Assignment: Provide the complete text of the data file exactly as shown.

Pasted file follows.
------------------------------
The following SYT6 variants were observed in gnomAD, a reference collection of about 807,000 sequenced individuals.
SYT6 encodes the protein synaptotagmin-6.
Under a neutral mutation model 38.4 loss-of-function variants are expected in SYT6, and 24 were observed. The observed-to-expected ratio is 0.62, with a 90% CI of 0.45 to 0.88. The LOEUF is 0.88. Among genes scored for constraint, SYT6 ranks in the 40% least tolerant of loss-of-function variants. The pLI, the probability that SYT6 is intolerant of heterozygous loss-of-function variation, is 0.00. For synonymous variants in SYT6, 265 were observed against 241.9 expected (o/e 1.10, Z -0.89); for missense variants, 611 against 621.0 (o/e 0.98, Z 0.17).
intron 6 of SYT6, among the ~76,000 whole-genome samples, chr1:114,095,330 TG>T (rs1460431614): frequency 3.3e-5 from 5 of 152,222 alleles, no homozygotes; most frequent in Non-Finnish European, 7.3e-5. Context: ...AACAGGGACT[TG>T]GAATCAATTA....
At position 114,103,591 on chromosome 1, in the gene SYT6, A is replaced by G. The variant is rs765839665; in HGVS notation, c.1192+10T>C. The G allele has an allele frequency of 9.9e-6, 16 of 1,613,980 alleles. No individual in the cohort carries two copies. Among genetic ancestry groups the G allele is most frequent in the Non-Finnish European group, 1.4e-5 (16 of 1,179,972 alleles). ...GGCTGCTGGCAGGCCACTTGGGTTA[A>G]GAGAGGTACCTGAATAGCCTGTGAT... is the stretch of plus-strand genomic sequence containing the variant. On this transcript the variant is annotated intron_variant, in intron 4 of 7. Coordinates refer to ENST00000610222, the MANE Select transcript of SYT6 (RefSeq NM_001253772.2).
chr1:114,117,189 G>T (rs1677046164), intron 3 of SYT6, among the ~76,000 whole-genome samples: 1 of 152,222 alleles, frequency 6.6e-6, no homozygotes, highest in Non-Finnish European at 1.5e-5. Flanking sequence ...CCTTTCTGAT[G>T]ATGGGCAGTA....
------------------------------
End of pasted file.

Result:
The following SYT6 variants were observed in gnomAD, a reference collection of about 807,000 sequenced individuals.
SYT6 encodes the protein synaptotagmin-6.
Under a neutral mutation model 38.4 loss-of-function variants are expected in SYT6, and 24 were observed. The observed-to-expected ratio is 0.62, with a 90% CI of 0.45 to 0.88. The LOEUF is 0.88. Among genes scored for constraint, SYT6 ranks in the 40% least tolerant of loss-of-function variants. The pLI, the probability that SYT6 is intolerant of heterozygous loss-of-function variation, is 0.00. For synonymous variants in SYT6, 265 were observed against 241.9 expected (o/e 1.10, Z -0.89); for missense variants, 611 against 621.0 (o/e 0.98, Z 0.17).
intron 6 of SYT6, among the ~76,000 whole-genome samples, chr1:114,095,330 TG>T (rs1460431614): frequency 3.3e-5 from 5 of 152,222 alleles, no homozygotes; most frequent in Non-Finnish European, 7.3e-5. Context: ...AACAGGGACT[TG>T]GAATCAATTA....
At position 114,103,591 on chromosome 1, in the gene SYT6, A is replaced by G. The variant is rs765839665; in HGVS notation, c.1192+10T>C. The G allele has an allele frequency of 9.9e-6, 16 of 1,613,980 alleles. No individual in the cohort carries two copies. Among genetic ancestry groups the G allele is most frequent in the Non-Finnish European group, 1.4e-5 (16 of 1,179,972 alleles). ...GGCTGCTGGCAGGCCACTTGGGTTA[A>G]GAGAGGTACCTGAATAGCCTGTGAT... is the stretch of plus-strand genomic sequence containing the variant. On this transcript the variant is annotated intron_variant, in intron 4 of 7. Coordinates refer to ENST00000610222, the MANE Select transcript of SYT6 (RefSeq NM_001253772.2).
chr1:114,117,189 G>T (rs1677046164), intron 3 of SYT6, among the ~76,000 whole-genome samples: 1 of 152,222 alleles, frequency 6.6e-6, no homozygotes, highest in Non-Finnish European at 1.5e-5. Flanking sequence ...CCTTTCTGAT[G>T]ATGGGCAGTA....